Curse of the Lost Memories – Cover Art Case Study

(Originally published on 5/29/2018)

This article is a walkthrough or case-study for the creation of a hard-fantasy book cover that I finished recently.

The whole project was full of challenges so I like to take the chance to show and tell something about the work I did and why it was an all round awesome experience.

It is the cover for a project successfully funded on Kickstarter by Griffon Lore Games. called Curse of the lost memories and is the first volume of the Chronicles of the Celestial Chains adventure path for 5E or Pathfinder 1E.

My work for the cover was presented on the Kickstarter page as a stretch-goal at $8000 which was a great honor and my aim was to do this amount justice.

Basically it started with a gorgeous briefing, which covered all the details. The initial briefing saw a half-orc to be on the cover with two swords. I’m open to anything, so I carried this idea in the back corner of my mind for about 2 weeks before starting a sketch. What followed was a shame. So much I did not even want to show it here…I did not get a working sketch together. It all felt boring and not inspiring at all.

But going again through the briefing, I was glad enough to find a fun-o-meter in the 10-pages briefing that on page 2 stated this:

So I got back to Anthony of Griffon Lore Games and was as honest as possible about the mishap and he gladly offered me that there were around 10 other characters to pick from!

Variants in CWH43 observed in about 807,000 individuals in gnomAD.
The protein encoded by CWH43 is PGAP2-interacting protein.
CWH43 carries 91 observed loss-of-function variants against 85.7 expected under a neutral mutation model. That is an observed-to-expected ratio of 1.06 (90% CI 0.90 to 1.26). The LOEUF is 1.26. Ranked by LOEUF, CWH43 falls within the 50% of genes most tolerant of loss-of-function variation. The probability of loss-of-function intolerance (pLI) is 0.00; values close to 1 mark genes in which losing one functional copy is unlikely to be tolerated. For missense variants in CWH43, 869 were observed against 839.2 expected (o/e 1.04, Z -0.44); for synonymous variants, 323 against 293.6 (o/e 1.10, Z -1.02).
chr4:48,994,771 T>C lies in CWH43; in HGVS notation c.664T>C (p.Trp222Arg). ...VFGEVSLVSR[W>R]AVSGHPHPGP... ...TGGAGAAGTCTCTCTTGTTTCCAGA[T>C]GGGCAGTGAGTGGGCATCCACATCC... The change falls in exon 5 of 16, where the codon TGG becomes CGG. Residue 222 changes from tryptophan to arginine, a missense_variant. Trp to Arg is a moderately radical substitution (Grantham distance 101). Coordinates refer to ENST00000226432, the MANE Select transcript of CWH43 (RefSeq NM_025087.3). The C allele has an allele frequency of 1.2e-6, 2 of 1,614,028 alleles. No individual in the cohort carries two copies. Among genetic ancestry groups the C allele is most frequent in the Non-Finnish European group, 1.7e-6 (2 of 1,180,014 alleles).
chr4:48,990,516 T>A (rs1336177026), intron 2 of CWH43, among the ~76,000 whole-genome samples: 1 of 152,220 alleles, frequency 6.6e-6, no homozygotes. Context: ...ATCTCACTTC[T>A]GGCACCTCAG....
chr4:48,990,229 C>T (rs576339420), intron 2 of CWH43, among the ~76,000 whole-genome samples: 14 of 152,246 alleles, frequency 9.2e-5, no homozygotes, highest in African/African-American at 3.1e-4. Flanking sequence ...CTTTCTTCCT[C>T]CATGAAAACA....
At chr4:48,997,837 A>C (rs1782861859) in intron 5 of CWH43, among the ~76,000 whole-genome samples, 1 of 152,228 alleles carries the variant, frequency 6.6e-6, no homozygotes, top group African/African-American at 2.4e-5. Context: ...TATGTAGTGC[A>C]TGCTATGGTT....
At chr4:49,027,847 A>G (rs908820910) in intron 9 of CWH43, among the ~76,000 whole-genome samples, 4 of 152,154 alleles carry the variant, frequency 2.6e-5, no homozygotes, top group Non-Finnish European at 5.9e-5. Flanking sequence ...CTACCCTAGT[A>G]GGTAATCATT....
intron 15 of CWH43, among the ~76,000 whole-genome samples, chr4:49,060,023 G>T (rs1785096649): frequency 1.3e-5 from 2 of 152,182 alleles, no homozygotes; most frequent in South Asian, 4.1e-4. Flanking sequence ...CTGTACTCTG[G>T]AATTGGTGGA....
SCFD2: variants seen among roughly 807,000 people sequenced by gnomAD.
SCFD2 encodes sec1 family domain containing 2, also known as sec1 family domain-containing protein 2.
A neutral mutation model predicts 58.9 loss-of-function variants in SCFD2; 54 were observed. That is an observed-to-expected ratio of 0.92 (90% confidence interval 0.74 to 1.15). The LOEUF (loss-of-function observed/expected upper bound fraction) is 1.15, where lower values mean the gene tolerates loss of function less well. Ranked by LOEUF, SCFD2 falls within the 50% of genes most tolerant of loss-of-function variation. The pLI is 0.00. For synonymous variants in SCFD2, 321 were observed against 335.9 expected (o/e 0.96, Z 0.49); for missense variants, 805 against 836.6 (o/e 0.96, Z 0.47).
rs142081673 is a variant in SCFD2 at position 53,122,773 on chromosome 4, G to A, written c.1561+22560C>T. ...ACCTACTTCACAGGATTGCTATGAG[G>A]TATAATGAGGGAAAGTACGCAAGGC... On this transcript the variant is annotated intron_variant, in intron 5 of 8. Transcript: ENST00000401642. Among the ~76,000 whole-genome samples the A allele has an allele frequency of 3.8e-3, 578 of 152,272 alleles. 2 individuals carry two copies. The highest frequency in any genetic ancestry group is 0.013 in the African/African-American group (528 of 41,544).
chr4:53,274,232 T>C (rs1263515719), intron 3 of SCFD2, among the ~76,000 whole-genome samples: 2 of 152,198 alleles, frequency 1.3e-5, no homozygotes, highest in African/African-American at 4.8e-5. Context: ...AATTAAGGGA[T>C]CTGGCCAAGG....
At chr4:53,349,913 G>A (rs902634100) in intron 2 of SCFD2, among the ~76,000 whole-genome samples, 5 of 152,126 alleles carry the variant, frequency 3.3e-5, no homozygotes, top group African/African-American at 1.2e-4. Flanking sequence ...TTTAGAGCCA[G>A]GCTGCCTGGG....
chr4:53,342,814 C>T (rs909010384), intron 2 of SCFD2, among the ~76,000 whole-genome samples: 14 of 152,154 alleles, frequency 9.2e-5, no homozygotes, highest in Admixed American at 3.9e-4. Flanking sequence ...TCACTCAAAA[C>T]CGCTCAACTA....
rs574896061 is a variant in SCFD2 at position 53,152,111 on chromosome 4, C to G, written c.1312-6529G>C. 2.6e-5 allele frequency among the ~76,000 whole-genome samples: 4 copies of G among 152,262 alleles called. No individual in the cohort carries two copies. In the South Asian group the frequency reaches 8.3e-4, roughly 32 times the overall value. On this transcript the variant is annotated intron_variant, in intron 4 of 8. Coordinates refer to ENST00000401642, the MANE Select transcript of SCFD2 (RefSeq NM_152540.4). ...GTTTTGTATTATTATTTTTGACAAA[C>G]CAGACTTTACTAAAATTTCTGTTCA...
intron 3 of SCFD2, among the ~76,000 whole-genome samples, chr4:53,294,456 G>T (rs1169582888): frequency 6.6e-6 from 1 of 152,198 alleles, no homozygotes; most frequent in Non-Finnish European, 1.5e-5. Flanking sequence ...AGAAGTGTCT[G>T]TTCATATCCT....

This was a huge relief for me. Actually I’m not that picky, but when I compare my usual commissioned works with the level I wanted to bring into this project, it was clear that I could not use the same approach.

The references that Anthony sent me where the pieces below that I created around a year ago:

One of my first pieces with Zbrush


“The menk” a Piece created for Ren Garcia

This was an important info for me because both works were created using Zbrush and Photomanipulation for the background. A definitely different style from the digital paintings I used to do and thus a big challenge.

The main difference opposed to the digital painting process is, that in the above shown works, the Figure was created independently from the background and later in the rendering stage the background happened to dictate the mood and was partially chosen to set the atmosphere of the whole piece. The process has more to do with what a director does with a movie.
Below you see the ingredient stock images that were purchased from Shutterstock and bashed together in one composition to get the base started.
Raw stock images


First rough background draft
The initial idea for the background concept was to get an eerie mood such as Simon Marsden has created in his black and white photography. (Huge fan here)
In the creation of this landscape I brought to the table all that I have learned about composition in the past two years or so.
After getting the initial landscape idea together in grayscale, I added a bunch of existing characters and turned them into a silhouette to see what could work for the cover the best.

I used these characters from other artists that I found on pinterest,  but they were never intended to stay final, they should just help us to find a pose that strikes a chord. This “mockup-technique” is something I learned through my work with various agencies in the past. Most often the cover design they have negotiated with the publishers are often finally approved before I even got the briefing. My creative job is then to just paint nicely over what they have put together and create something new out of that. Not perfectly what creative freedom looks like, but that is business as usual.